A Conversation With Sarah Baron, MD, on Preventing the Progression of C. Diff


Sarah Baron, MD, authored a study on asymptomatic C. diff carriers.

A study released last week that found 1 in 10 patients admitted to a New York hospital who did not have diarrhea were found to be carriers of Clostridiodes difficile got a lot of notice, including here at Infection Control Today. The study, published in Infection Control & Hospital Epidemiologytested 220 patients with no symptoms of C. diff infection who were admitted to Montefiore Medical Center, the University Hospital for Albert Einstein College of Medicine between July 2017 and March 2018. The patients were given perirectal swabs within 24 hours of admission and were then followed for 6 months. Upon admission, 21 of the patients were identified as carriers.

Within 6 months, 38% of the carriers progressed to symptomatic C. diff infection compared with just 2% of the non-carriers, according to a press releasefrom the Society for Healthcare Epidemiology of America, which publishes the journal. ICT reached out to the study’s lead author, Sarah Baron, MD, with some follow-up questions. 

ICT: What is the key takeaway from this study for hospital administrators?

Baron: C. difficile is a concerning infection, at the individual level but also at the level of the hospital and infection prevention. If we want to stop the spread of this disease, we may have to consider novel methods to incorporate the many patients who carry C. difficile, but don’t yet have symptoms. Many of these patients may go on to develop the disease, and frontline staff will require even more support from administration in order to prevent or avoid it. I also hope that this highlights all of the amazing work that our infection prevention and control, environmental services, and antimicrobial stewardship teams do every day to keep our patients as safe as possible.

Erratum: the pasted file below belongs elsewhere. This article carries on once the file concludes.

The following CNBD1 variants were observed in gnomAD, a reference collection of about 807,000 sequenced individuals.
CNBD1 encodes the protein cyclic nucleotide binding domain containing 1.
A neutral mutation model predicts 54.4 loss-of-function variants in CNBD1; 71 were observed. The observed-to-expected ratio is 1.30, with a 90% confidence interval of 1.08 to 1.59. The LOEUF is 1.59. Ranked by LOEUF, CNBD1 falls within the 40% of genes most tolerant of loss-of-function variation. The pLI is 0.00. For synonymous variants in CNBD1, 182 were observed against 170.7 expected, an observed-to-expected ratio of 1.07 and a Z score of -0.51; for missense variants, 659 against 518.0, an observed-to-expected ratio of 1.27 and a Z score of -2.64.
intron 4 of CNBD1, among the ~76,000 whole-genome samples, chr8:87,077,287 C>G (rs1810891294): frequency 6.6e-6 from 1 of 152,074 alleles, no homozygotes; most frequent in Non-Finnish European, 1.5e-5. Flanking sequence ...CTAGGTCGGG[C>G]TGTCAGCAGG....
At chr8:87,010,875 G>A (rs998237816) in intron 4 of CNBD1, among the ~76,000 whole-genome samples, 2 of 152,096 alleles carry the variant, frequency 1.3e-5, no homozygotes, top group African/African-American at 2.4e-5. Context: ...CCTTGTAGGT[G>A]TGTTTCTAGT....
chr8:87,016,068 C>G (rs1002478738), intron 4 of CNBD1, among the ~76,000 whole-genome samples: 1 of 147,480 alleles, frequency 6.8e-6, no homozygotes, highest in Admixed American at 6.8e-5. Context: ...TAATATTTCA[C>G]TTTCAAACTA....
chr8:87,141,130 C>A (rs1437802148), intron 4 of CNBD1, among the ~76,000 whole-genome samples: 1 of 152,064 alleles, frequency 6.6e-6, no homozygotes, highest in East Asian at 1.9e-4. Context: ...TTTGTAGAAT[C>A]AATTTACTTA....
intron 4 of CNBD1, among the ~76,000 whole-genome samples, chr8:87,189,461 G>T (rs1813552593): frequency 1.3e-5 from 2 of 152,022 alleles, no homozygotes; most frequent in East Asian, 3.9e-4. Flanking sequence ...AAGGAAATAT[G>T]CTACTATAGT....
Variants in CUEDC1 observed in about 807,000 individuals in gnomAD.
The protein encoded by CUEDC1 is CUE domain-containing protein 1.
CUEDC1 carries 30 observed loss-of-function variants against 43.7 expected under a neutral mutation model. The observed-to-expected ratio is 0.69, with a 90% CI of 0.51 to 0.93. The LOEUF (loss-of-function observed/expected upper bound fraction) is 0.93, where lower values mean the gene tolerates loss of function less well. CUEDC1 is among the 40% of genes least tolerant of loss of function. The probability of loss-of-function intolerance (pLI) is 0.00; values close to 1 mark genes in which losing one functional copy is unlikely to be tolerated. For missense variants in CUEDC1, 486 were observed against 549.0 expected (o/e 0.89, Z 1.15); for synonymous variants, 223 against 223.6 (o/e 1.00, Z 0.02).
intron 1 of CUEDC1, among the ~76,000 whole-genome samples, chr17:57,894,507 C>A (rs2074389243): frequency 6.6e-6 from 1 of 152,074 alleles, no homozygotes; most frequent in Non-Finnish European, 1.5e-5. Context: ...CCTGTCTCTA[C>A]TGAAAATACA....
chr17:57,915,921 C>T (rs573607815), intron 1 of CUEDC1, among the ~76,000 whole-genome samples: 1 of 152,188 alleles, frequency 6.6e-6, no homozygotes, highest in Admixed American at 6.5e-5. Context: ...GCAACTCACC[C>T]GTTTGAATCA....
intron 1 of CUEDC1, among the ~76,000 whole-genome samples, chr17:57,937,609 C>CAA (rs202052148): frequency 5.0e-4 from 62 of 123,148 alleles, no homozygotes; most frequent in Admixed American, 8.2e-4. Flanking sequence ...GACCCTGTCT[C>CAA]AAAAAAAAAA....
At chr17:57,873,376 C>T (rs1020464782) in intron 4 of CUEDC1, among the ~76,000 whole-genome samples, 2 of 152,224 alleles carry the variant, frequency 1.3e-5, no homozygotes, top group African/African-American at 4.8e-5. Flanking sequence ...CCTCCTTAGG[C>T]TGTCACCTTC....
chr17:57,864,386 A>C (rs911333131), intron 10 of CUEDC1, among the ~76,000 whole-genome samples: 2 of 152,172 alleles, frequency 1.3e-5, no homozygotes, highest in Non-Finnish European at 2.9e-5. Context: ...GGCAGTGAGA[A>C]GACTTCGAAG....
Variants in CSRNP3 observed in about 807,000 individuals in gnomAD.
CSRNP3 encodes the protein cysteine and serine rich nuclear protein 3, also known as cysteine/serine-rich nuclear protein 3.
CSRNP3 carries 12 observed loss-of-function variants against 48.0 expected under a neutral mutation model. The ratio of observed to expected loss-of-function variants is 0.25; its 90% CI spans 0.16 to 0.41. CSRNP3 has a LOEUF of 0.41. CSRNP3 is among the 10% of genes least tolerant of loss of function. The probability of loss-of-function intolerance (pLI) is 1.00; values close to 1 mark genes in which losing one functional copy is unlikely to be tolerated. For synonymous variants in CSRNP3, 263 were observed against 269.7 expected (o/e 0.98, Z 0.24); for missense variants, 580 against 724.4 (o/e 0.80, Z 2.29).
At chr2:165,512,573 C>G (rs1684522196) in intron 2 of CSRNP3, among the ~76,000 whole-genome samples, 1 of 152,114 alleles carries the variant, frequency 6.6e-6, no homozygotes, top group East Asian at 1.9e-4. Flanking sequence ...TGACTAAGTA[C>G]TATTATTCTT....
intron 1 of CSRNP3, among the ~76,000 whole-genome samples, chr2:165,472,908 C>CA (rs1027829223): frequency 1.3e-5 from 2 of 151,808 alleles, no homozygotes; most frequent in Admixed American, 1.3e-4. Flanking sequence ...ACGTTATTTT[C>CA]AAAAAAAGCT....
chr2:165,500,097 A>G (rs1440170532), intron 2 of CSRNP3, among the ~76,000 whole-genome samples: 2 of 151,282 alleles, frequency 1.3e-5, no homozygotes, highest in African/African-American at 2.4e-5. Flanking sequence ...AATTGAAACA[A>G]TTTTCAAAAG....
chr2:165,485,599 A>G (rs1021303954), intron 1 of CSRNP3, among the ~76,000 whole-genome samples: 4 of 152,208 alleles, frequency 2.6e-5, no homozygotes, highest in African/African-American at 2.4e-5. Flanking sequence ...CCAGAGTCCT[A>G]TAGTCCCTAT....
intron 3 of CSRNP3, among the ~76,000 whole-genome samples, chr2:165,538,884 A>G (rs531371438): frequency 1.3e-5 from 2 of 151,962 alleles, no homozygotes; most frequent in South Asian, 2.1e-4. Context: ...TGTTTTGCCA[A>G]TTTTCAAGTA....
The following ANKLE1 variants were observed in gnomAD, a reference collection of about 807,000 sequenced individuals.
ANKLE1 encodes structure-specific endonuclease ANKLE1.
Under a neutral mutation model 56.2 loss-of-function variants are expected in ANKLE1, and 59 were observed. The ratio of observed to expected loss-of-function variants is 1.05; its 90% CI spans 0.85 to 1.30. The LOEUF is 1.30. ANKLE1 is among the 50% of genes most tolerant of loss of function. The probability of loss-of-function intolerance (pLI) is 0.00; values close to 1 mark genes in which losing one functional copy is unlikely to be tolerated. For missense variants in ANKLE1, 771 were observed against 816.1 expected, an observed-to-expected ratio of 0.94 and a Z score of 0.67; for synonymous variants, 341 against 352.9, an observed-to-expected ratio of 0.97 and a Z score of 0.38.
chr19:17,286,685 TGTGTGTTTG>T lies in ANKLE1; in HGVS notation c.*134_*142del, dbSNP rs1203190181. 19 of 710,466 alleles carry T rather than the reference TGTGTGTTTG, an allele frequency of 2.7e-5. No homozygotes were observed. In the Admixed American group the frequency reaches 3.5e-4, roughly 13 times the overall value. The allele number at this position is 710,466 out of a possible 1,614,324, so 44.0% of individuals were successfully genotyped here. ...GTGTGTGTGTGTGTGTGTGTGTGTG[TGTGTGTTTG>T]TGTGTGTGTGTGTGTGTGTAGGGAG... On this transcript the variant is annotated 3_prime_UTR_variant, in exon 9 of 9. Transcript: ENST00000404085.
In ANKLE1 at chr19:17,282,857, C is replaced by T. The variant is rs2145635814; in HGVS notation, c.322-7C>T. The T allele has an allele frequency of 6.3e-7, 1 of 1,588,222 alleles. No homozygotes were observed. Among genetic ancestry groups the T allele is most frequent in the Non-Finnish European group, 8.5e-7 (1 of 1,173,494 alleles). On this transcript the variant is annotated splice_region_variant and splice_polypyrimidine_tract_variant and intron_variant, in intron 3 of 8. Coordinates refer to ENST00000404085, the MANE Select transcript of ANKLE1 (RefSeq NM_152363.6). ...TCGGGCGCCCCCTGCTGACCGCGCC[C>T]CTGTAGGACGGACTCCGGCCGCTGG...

ICT: What is the key takeaway for infection preventionists?

Baron: There is a large pool of people who carry C. difficilewho are unrecognized and may pass the organism to others and/or develop infection themselves. In addition, about a third of patients who carry C. difficilewill go on to develop infection within the next 6 months. The findings suggest that to curb the spread of C. difficile, attention must be paid to people who carry the organism but have not yet developed the disease.

ICT: What impact do these findings have on infection control protocols? Does it mean that C. difficiletesting might become routine for every patient entering a hospital?

Baron: While prospectively identifying carriers is not a recommended prevention strategy, it is considered a supplemental intervention in the [US Centers for Disease Control and Prevention’s] “Strategies to PreventClostridioides difficile Infection in Acute Care Facilities.” This study may give even more weight to this as a possible intervention. It is possible that more and more hospitals will consider identifying carriers in their highest risk populations to protect the individual patient and the patients around them from acquiring symptoms of the disease.

While this study focused on progression of disease from carrier state to symptomatic C. difficile, (we feel that many of our C. difficilecases likely started their hospital stay as carriers), we hope that this will actually help to fuel the conversation about enhanced infection control practices to prevent C. difficilespread. One question that our research could not answer was what to do next to prevent the progression of C. difficile.We do hope that our work on identification of carriers will encourage work on intensified Antibiotic Stewardship interventions, enhanced cleaning of all patient areas, and identification of at-risk patients as possible next steps.

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